Nicotine from cigarette smoke is another teratogen that should be avoided during pregnancy. Nicotine from the mother’s bloodstream is passed to the developing fetus. The nicotine affects the developing fetus and can contribute to a wide variety of problems, including low birth weight, birth defects, and sudden infant death syndrome (SIDS). Another problem caused by smoking is the lowering of blood oxygen content in the mother. When the mother’s blood oxygen falls, the fetus also receives less oxygen, a condition called fetal hypoxia. This may contribute to the damaging effects of maternal smoking on the fetus.
A doctor examines a child with spina bifida at a clinic near the Texas-Mexico border. The child’s disorder is believed to have been caused by pollution in the area. Annie Griffiths Belt/Corbis
Medications and Street Drugs
Some drugs can act as teratogens and should be avoided during pregnancy. Illegal drugs such as amphetamines, cocaine, and heroin may affect the developing central nervous system of the fetus. In addition, these drugs may lead to other birth defects as well as addiction problems. Illegal drugs are not the only drugs that can cause problems. Prescription and over-the-counter medications can also affect the fetus. Pregnant mothers should consult with a physician about which medications are safe to take and which should be avoided.
Exposure to household chemicals or other toxins in the environment may also contribute to impairment of the central nervous system of a fetus. In 1994 and 1995, a greater than expected number of infants along the Rio Grande in Texas and Mexico were born with anencephaly. While the exact cause was not found, it is suspected that pollution in the environment was involved. It is probably wise for pregnant women to avoid pesticides (such as weed killers) and insecticides. Some household cleaning chemicals contain substances that are teratogens and these should be avoided also.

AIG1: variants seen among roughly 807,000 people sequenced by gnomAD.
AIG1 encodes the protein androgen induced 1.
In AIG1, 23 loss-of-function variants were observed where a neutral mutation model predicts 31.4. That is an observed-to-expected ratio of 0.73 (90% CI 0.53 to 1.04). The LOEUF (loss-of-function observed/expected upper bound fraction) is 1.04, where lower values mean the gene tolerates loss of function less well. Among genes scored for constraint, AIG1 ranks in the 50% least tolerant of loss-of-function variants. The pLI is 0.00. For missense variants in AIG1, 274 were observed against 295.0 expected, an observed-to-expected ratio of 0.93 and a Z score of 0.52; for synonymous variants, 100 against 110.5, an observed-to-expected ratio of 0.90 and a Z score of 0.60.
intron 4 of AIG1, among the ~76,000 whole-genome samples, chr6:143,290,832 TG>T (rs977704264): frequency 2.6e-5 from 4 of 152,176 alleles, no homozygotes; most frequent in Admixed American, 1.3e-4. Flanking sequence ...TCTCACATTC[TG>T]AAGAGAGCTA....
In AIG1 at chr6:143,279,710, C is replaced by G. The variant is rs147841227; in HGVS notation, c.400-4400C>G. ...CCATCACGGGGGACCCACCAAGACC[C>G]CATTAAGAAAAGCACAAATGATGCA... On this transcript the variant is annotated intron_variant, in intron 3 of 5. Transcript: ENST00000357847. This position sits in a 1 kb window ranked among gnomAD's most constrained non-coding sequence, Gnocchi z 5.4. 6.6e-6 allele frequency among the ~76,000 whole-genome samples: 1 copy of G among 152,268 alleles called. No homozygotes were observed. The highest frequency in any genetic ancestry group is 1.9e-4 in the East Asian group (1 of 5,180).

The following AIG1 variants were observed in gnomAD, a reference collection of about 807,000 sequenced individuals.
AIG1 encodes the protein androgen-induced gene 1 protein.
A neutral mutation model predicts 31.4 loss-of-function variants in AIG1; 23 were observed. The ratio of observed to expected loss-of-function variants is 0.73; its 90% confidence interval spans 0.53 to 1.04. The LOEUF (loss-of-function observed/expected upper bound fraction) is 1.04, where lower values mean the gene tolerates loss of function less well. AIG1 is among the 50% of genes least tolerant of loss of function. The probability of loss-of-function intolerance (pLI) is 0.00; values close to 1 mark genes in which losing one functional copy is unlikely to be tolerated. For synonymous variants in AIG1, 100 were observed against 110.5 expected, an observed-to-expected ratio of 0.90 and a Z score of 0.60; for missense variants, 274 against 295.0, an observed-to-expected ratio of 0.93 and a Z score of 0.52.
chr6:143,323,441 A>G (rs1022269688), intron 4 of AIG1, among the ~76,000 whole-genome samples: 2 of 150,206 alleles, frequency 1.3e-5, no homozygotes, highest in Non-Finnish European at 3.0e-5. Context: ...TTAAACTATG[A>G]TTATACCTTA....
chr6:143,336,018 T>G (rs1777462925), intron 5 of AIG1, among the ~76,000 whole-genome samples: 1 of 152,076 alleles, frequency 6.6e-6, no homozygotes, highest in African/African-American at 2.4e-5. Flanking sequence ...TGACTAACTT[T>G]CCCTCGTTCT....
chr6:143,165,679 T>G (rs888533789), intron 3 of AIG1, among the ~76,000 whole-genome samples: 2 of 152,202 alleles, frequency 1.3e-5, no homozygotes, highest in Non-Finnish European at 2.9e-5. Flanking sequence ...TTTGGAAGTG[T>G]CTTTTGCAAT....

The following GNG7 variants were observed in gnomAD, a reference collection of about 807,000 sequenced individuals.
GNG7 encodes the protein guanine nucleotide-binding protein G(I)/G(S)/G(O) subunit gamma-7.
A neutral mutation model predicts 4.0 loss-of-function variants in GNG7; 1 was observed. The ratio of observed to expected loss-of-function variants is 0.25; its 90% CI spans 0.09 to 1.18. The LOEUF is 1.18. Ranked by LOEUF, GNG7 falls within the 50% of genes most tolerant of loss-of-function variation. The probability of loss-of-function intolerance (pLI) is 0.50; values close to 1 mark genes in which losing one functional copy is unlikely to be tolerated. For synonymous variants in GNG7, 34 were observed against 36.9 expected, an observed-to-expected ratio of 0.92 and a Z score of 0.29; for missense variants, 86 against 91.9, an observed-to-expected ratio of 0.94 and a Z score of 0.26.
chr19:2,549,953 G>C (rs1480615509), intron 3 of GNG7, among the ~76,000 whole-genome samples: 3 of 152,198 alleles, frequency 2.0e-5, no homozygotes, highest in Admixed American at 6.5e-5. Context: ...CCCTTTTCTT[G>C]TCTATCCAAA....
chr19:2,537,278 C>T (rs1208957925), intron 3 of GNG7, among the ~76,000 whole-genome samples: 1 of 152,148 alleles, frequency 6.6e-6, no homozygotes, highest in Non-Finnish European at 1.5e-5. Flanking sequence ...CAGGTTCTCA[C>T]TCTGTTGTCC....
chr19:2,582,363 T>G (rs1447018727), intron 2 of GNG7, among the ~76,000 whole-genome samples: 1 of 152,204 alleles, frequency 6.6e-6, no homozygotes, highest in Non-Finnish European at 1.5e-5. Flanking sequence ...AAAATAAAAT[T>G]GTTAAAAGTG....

Toxins in the environment are not the only things that affect the developing central nervous system. A number of infectious diseases may also affect the developing embryo. Some of these diseases may or may not affect the mother but can be passed to the fetus. Many of these diseases are caused by viruses, which are easily passed between the mother and fetus. Some infections that can have major effects on the fetus are:
Cytomegalovirus (sy-to-MEG-a-lo-vy-rus; CMV) is a common virus that infects most people at some point in their lives. In some cases, the mother may pass the virus to the fetus through the placenta. In adults, CMV infections usually do not cause any significant symptoms. For the developing fetus, however, the infection can damage the brain. Children who had fetal CMV infections may have stunted growth, microcephaly (my-kro-SEF-a-lee; abnormally small brain and head size), and a number of other physical problems. Some of the symptoms may be treatable, but the central nervous system injury is permanent.
Syphilis is a sexually transmitted bacterial disease that can be passed from mother to fetus. The risk of this occurring is 60 to 80 percent if the mother is infected and does not receive treatment. Early in the pregnancy, the developing central nervous system of the fetus may be affected by the infection. At birth, some of these infants have meningitis (inflammation of the brain, spinal fluid, and lining covering the brain) or hydrocephalus (hy-dro-SEF-a-lus; excessive fluid within and surrounding the brain), and may have mental retardation as they grow older. Infants with the infection are treated with antibiotics to control the infection. This treatment may prevent additional damage to the nervous system but it does not reverse damage done to the developing brain before birth.